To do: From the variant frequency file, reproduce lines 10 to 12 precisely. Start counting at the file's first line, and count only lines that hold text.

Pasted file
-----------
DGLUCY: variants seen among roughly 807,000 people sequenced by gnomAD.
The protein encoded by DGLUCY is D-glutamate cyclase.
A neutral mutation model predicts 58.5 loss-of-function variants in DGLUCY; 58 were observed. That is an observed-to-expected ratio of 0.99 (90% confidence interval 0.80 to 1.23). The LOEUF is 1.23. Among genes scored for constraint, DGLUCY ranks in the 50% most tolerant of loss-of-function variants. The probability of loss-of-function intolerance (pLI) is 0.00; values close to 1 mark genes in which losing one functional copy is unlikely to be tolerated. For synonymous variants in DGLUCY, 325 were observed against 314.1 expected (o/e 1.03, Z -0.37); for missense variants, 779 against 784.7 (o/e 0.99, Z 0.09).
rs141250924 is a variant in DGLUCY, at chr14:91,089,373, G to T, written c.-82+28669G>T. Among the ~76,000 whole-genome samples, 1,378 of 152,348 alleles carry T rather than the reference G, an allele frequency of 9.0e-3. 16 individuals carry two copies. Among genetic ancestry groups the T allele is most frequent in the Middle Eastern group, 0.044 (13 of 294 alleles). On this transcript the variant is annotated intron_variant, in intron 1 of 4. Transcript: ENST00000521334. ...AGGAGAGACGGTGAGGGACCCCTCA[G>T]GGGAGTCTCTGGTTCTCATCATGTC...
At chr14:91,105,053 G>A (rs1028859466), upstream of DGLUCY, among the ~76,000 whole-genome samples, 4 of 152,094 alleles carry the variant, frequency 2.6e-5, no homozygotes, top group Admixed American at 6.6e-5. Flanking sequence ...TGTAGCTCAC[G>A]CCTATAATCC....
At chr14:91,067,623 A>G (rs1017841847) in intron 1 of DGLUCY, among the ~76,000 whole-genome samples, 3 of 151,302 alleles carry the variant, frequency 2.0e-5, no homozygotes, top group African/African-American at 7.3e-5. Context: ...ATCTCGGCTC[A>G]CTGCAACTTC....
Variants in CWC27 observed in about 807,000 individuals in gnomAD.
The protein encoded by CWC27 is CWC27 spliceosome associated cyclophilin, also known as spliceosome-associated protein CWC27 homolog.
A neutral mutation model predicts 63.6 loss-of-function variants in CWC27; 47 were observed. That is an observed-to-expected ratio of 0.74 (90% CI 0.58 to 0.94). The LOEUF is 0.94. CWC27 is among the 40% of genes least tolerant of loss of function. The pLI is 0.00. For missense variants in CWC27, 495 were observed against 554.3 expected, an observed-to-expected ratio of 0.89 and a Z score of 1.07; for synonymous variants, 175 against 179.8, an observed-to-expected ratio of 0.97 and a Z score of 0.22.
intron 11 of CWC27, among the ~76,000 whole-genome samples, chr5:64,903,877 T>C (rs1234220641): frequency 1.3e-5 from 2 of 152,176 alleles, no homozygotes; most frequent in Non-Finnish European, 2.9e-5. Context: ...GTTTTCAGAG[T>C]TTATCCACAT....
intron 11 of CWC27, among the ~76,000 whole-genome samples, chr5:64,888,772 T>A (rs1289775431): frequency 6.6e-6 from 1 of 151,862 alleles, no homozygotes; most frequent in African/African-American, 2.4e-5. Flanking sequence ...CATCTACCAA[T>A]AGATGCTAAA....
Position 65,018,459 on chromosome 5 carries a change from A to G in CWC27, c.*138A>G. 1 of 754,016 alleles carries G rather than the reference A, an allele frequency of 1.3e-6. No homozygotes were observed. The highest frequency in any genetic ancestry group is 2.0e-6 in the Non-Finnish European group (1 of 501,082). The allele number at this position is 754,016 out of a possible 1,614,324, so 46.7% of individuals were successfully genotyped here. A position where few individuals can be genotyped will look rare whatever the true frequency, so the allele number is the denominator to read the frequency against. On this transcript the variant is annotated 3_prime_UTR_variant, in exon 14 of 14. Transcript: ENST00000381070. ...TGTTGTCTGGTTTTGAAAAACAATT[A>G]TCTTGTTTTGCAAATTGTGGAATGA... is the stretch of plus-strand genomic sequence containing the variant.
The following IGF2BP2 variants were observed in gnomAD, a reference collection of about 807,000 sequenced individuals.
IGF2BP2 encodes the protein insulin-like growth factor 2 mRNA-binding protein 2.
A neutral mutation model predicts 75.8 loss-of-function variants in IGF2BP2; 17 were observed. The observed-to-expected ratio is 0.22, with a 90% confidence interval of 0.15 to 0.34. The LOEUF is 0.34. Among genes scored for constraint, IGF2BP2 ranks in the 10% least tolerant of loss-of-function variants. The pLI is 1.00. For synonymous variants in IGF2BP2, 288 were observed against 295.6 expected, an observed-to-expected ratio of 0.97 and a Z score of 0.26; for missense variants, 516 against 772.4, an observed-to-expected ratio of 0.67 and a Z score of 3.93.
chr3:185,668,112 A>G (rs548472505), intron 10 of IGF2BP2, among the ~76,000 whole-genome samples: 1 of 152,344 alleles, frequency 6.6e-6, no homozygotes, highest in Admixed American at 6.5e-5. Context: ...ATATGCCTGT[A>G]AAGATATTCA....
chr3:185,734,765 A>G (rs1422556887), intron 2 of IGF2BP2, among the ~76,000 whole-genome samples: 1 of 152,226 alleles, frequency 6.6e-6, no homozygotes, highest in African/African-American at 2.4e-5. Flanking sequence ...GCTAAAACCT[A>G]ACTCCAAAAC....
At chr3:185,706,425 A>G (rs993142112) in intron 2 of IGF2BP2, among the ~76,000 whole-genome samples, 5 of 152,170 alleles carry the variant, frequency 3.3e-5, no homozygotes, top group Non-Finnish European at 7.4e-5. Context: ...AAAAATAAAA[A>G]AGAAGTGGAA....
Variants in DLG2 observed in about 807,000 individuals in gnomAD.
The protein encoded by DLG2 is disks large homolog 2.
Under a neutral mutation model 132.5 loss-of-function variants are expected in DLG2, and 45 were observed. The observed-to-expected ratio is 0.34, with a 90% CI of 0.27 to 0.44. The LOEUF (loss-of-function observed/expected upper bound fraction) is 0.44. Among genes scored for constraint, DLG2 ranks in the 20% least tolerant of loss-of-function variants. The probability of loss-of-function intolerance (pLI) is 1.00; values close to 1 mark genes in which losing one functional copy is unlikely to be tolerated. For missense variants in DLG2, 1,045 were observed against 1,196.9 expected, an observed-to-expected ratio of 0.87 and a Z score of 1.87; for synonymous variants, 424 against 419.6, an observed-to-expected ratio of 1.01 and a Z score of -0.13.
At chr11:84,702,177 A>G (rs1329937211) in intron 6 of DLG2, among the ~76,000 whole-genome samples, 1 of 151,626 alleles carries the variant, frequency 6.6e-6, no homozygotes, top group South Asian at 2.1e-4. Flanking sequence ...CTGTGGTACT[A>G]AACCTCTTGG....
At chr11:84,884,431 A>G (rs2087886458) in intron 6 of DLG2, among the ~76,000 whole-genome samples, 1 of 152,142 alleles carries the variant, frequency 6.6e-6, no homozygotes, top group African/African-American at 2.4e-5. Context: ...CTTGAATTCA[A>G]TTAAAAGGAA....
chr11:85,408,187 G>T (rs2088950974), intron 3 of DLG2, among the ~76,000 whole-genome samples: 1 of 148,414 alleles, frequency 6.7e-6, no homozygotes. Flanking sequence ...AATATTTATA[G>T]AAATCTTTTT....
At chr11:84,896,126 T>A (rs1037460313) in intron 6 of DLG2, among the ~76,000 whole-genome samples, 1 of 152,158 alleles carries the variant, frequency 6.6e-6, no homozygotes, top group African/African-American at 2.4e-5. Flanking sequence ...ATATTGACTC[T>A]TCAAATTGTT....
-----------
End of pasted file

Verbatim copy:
intron 11 of CWC27, among the ~76,000 whole-genome samples, chr5:64,903,877 T>C (rs1234220641): frequency 1.3e-5 from 2 of 152,176 alleles, no homozygotes; most frequent in Non-Finnish European, 2.9e-5. Context: ...GTTTTCAGAG[T>C]TTATCCACAT....
intron 11 of CWC27, among the ~76,000 whole-genome samples, chr5:64,888,772 T>A (rs1289775431): frequency 6.6e-6 from 1 of 151,862 alleles, no homozygotes; most frequent in African/African-American, 2.4e-5. Flanking sequence ...CATCTACCAA[T>A]AGATGCTAAA....
Position 65,018,459 on chromosome 5 carries a change from A to G in CWC27, c.*138A>G. 1 of 754,016 alleles carries G rather than the reference A, an allele frequency of 1.3e-6. No homozygotes were observed. The highest frequency in any genetic ancestry group is 2.0e-6 in the Non-Finnish European group (1 of 501,082). The allele number at this position is 754,016 out of a possible 1,614,324, so 46.7% of individuals were successfully genotyped here. A position where few individuals can be genotyped will look rare whatever the true frequency, so the allele number is the denominator to read the frequency against. On this transcript the variant is annotated 3_prime_UTR_variant, in exon 14 of 14. Transcript: ENST00000381070. ...TGTTGTCTGGTTTTGAAAAACAATT[A>G]TCTTGTTTTGCAAATTGTGGAATGA... is the stretch of plus-strand genomic sequence containing the variant.